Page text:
Film Review / The Invention of Lying

 
 

For the uninformed, The Invention of Lying, co-written and co-directed by The Office star Ricky Gervais, presents us with a world where everyone tells the truth all the time. There is no fiction, flattery or anything that requires bending or stretching fact. Gervais, an overweight loser – he’s really stretching himself as an actor –looking for love, invents the lie.

What follows is, in one line, “what would you do if you were the only person who could lie?” And yes, it’s the obvious stuff; trick people into sleeping with you and giving you money.

Clearly there’s loads of room for comedy in a world where everyone is uncomfortably blunt about everything. For instance, the Coca-Cola slogan is “It’s very famous” and the Pepsi one is “for whenever they don’t have Coke”. Gervais plays his standard character – the one you either like or hate. Personally, your reviewer still finds him bizarre in an American setting and am much more comfortable with him in Wernham Hogg. While the first twenty minutes are charming and quite witty, everyone telling the truth constantly very quickly turns into the same joke over and over. The entire concept would have made a genius sketch, but a feature film is a different beast altogether.

Then there’s the most interesting part of the film, a part the trailer never touches on and an aspect that makes this film notable in general. The film, bizarrely enough, swiftly diverges into tame blasphemy when Gervais, in effect, makes up Christianity. In an effort to comfort a dying loved one he makes up a fictitious afterlife which sounds suspiciously like heaven. Everything then gets all Life of Brian when he claims to the masses of followers that the Man in the Sky is giving him all this information.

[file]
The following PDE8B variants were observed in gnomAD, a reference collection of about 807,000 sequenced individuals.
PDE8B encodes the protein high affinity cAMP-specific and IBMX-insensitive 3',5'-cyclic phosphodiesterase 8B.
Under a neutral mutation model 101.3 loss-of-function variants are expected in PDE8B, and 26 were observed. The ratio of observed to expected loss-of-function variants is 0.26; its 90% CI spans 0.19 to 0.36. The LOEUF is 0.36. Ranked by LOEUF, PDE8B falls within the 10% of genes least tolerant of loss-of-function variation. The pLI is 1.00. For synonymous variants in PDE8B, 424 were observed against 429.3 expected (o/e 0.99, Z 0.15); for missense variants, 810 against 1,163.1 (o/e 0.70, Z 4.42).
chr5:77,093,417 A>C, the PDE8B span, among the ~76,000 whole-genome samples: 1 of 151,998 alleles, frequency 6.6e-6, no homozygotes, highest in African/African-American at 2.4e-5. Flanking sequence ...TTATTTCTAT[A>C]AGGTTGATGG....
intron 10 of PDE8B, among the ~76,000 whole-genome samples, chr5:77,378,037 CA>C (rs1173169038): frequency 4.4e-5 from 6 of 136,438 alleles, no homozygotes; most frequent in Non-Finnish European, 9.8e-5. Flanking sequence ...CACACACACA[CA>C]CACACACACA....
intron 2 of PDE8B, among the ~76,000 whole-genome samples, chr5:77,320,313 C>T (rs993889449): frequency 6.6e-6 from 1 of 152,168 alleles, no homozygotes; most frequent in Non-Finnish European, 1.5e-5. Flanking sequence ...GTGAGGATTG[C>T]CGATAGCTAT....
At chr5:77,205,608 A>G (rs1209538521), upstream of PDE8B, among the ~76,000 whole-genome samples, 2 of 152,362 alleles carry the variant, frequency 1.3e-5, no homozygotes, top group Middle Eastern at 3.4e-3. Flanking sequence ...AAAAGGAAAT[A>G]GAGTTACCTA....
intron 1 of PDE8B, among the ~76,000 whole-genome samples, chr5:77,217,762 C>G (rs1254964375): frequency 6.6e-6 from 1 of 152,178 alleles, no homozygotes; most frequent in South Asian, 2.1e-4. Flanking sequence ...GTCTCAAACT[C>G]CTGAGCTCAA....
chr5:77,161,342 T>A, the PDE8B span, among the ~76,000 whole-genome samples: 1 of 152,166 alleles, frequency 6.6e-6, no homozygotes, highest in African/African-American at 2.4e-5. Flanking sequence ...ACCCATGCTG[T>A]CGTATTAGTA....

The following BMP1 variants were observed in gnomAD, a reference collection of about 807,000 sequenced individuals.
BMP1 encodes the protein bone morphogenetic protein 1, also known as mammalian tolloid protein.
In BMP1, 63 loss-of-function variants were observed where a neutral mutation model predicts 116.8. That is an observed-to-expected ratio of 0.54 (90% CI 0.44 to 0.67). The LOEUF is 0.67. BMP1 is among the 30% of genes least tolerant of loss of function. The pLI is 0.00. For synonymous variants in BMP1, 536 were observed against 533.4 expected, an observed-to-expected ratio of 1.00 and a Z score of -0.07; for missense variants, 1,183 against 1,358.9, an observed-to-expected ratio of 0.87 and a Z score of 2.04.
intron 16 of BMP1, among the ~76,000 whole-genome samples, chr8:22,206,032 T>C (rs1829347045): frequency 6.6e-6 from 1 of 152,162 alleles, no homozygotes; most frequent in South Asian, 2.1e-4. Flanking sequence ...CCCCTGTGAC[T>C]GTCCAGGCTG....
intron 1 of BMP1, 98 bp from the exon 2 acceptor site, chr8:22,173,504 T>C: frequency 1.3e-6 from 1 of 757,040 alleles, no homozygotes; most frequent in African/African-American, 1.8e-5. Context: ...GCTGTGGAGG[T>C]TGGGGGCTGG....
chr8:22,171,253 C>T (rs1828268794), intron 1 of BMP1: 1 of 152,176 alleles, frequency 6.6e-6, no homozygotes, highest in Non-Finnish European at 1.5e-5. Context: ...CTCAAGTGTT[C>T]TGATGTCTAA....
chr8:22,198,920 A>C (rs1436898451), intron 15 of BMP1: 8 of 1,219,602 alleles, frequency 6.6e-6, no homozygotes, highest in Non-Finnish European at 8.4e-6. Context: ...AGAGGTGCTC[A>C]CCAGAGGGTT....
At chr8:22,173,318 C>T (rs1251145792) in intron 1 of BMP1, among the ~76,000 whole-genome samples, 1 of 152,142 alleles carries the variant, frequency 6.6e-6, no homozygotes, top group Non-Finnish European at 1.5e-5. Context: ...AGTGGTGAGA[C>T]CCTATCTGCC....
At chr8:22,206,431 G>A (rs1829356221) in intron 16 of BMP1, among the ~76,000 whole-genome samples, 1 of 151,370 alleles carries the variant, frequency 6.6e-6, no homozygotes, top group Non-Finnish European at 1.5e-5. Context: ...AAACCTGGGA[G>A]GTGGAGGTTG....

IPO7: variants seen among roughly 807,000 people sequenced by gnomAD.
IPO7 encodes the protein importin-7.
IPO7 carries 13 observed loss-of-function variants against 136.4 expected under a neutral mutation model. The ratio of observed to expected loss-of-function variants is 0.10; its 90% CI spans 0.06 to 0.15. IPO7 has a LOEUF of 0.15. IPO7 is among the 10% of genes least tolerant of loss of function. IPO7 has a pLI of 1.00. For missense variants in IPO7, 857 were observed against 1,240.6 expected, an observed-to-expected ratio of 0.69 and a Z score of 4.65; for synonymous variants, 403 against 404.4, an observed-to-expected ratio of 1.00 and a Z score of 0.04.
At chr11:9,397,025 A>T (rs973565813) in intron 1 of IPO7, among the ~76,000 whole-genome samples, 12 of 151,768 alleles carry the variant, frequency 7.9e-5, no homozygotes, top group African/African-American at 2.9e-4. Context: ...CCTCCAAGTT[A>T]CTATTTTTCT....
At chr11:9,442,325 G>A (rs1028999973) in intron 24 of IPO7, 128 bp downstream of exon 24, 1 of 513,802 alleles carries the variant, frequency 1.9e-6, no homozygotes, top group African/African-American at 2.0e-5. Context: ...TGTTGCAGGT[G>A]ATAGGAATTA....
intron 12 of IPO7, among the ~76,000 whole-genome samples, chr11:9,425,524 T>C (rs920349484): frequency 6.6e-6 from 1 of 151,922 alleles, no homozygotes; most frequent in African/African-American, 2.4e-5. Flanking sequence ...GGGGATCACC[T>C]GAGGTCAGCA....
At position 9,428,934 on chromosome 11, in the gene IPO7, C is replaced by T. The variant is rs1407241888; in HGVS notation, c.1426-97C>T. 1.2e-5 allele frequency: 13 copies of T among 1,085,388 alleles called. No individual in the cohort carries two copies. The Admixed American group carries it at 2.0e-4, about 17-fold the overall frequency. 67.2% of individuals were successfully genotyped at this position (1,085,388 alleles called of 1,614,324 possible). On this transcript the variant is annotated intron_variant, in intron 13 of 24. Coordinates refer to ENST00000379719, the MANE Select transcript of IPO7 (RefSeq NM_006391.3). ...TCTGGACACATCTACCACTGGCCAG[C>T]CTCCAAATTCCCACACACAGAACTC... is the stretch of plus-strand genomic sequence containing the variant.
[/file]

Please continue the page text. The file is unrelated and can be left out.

Meanwhile – in our world – Creation, a film that charts the life of Darwin, has been banned from release by the American censors because of fears of offending religious groups; yet this film essentially claims that Gervais is making up Christianity, mocking his naïve followers for comic effect. The American censors though, aren’t batting an eyelash. Not that they should; just food for thought.

In a nutshell: An unfortunately obvious rom-com with a pretty funny gimmick that gets tired quickly, and actually more interesting as religious commentary

Released: 2nd October
Stars: Ricky Gervais, Jennifer Garner, Jason Bateman, Rob Lowe, Tina Fey
Directors: Ricky Gervais, Matthew Robinson

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